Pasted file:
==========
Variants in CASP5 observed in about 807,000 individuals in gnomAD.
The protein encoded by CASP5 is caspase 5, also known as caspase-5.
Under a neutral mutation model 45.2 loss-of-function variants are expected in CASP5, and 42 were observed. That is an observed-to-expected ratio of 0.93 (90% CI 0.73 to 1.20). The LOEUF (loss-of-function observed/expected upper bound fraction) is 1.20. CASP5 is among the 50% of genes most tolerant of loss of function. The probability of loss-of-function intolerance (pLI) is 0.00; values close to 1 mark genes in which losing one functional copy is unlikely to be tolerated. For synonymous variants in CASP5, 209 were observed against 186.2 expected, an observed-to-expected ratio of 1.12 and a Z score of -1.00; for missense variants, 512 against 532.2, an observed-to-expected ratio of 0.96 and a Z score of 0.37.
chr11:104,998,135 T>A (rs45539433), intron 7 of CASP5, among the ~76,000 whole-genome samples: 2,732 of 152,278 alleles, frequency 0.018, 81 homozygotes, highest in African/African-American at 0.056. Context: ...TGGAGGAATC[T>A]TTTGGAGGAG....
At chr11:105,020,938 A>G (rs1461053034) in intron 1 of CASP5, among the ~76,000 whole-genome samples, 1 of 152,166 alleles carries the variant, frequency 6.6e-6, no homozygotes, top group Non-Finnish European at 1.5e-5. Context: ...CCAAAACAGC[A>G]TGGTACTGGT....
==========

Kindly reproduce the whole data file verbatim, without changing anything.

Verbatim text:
Variants in CASP5 observed in about 807,000 individuals in gnomAD.
The protein encoded by CASP5 is caspase 5, also known as caspase-5.
Under a neutral mutation model 45.2 loss-of-function variants are expected in CASP5, and 42 were observed. That is an observed-to-expected ratio of 0.93 (90% CI 0.73 to 1.20). The LOEUF (loss-of-function observed/expected upper bound fraction) is 1.20. CASP5 is among the 50% of genes most tolerant of loss of function. The probability of loss-of-function intolerance (pLI) is 0.00; values close to 1 mark genes in which losing one functional copy is unlikely to be tolerated. For synonymous variants in CASP5, 209 were observed against 186.2 expected, an observed-to-expected ratio of 1.12 and a Z score of -1.00; for missense variants, 512 against 532.2, an observed-to-expected ratio of 0.96 and a Z score of 0.37.
chr11:104,998,135 T>A (rs45539433), intron 7 of CASP5, among the ~76,000 whole-genome samples: 2,732 of 152,278 alleles, frequency 0.018, 81 homozygotes, highest in African/African-American at 0.056. Context: ...TGGAGGAATC[T>A]TTTGGAGGAG....
At chr11:105,020,938 A>G (rs1461053034) in intron 1 of CASP5, among the ~76,000 whole-genome samples, 1 of 152,166 alleles carries the variant, frequency 6.6e-6, no homozygotes, top group Non-Finnish European at 1.5e-5. Context: ...CCAAAACAGC[A>G]TGGTACTGGT....